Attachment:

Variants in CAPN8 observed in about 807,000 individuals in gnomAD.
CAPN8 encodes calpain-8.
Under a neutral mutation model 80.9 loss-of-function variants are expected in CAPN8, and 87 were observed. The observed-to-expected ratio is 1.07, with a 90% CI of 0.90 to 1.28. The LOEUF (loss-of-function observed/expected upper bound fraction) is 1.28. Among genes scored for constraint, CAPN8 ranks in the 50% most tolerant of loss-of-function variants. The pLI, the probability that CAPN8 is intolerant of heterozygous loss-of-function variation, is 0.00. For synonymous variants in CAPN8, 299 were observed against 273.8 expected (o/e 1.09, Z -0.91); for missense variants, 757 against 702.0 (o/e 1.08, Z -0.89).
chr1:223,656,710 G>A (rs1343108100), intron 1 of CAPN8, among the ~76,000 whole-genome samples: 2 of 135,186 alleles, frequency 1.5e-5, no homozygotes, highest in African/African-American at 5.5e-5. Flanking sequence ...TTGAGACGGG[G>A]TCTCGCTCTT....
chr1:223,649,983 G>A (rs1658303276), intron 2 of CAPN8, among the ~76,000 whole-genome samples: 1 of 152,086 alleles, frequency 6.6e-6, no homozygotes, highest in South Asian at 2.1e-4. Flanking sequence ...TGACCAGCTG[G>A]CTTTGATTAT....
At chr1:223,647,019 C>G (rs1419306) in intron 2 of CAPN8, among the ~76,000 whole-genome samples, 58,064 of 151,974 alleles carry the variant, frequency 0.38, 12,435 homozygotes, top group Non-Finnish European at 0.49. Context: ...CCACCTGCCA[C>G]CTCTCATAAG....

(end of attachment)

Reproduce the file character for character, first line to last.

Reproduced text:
Variants in CAPN8 observed in about 807,000 individuals in gnomAD.
CAPN8 encodes calpain-8.
Under a neutral mutation model 80.9 loss-of-function variants are expected in CAPN8, and 87 were observed. The observed-to-expected ratio is 1.07, with a 90% CI of 0.90 to 1.28. The LOEUF (loss-of-function observed/expected upper bound fraction) is 1.28. Among genes scored for constraint, CAPN8 ranks in the 50% most tolerant of loss-of-function variants. The pLI, the probability that CAPN8 is intolerant of heterozygous loss-of-function variation, is 0.00. For synonymous variants in CAPN8, 299 were observed against 273.8 expected (o/e 1.09, Z -0.91); for missense variants, 757 against 702.0 (o/e 1.08, Z -0.89).
chr1:223,656,710 G>A (rs1343108100), intron 1 of CAPN8, among the ~76,000 whole-genome samples: 2 of 135,186 alleles, frequency 1.5e-5, no homozygotes, highest in African/African-American at 5.5e-5. Flanking sequence ...TTGAGACGGG[G>A]TCTCGCTCTT....
chr1:223,649,983 G>A (rs1658303276), intron 2 of CAPN8, among the ~76,000 whole-genome samples: 1 of 152,086 alleles, frequency 6.6e-6, no homozygotes, highest in South Asian at 2.1e-4. Flanking sequence ...TGACCAGCTG[G>A]CTTTGATTAT....
At chr1:223,647,019 C>G (rs1419306) in intron 2 of CAPN8, among the ~76,000 whole-genome samples, 58,064 of 151,974 alleles carry the variant, frequency 0.38, 12,435 homozygotes, top group Non-Finnish European at 0.49. Context: ...CCACCTGCCA[C>G]CTCTCATAAG....